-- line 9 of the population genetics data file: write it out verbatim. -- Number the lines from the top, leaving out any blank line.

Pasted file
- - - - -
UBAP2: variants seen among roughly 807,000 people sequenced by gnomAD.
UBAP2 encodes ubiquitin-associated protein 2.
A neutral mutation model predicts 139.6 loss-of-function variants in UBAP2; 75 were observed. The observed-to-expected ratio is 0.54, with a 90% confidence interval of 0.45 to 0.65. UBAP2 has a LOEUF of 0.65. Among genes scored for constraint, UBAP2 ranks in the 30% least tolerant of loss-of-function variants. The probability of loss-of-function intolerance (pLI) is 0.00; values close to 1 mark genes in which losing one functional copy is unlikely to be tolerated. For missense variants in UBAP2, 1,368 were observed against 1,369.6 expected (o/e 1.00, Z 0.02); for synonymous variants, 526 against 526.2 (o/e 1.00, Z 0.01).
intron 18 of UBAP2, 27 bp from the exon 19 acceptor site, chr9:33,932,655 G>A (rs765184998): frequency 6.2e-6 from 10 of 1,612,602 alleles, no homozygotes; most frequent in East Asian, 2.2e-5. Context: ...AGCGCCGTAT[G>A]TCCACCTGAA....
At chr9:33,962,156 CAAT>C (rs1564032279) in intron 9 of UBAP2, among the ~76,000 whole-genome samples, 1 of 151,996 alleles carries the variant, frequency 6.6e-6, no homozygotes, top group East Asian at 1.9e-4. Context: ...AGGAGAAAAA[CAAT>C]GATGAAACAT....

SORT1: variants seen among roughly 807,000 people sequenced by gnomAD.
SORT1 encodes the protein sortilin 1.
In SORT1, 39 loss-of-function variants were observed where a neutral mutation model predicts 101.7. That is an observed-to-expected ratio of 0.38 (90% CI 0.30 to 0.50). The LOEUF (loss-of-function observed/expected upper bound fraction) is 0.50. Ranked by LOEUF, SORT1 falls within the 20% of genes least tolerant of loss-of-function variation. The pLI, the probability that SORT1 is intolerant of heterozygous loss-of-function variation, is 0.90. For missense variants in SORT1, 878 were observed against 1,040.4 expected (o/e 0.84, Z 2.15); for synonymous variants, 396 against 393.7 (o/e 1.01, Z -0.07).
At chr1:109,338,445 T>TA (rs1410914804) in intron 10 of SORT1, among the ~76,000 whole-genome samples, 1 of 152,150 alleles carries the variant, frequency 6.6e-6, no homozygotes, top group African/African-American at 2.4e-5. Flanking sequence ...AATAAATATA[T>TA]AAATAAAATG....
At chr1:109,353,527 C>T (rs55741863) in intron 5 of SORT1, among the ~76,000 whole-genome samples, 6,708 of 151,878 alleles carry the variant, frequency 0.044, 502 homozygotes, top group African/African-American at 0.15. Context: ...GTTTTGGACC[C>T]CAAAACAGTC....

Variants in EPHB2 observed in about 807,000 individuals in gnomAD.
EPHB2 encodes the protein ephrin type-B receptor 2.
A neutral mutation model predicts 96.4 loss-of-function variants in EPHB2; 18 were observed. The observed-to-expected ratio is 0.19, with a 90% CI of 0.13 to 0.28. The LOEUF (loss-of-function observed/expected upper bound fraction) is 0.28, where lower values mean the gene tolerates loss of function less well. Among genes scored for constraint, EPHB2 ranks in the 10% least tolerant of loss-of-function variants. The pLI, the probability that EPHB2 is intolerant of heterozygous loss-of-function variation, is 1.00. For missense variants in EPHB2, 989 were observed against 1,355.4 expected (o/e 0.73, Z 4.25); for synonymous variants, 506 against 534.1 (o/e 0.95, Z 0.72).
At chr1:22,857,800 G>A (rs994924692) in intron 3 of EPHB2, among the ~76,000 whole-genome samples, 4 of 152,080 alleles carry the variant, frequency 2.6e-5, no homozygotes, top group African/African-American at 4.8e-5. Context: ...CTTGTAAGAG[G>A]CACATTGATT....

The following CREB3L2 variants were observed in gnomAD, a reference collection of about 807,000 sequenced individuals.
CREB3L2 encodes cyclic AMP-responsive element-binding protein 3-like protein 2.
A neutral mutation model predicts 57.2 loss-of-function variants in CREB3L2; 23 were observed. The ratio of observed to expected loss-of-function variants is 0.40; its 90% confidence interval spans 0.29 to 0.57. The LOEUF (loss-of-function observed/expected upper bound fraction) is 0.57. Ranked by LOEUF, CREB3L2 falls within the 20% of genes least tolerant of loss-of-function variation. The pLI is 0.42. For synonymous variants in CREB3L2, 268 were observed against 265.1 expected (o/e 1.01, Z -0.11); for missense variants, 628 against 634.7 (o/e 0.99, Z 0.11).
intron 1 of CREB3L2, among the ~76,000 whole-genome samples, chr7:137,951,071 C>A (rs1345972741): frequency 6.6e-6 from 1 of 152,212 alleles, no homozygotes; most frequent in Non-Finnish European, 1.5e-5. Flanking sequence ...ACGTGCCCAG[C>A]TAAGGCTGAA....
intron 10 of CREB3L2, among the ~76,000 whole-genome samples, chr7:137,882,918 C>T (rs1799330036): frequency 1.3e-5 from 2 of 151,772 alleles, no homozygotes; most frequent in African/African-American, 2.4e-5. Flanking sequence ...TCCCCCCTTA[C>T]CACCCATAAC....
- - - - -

At chr1:109,338,445 T>TA (rs1410914804) in intron 10 of SORT1, among the ~76,000 whole-genome samples, 1 of 152,150 alleles carries the variant, frequency 6.6e-6, no homozygotes, top group African/African-American at 2.4e-5. Flanking sequence ...AATAAATATA[T>TA]AAATAAAATG....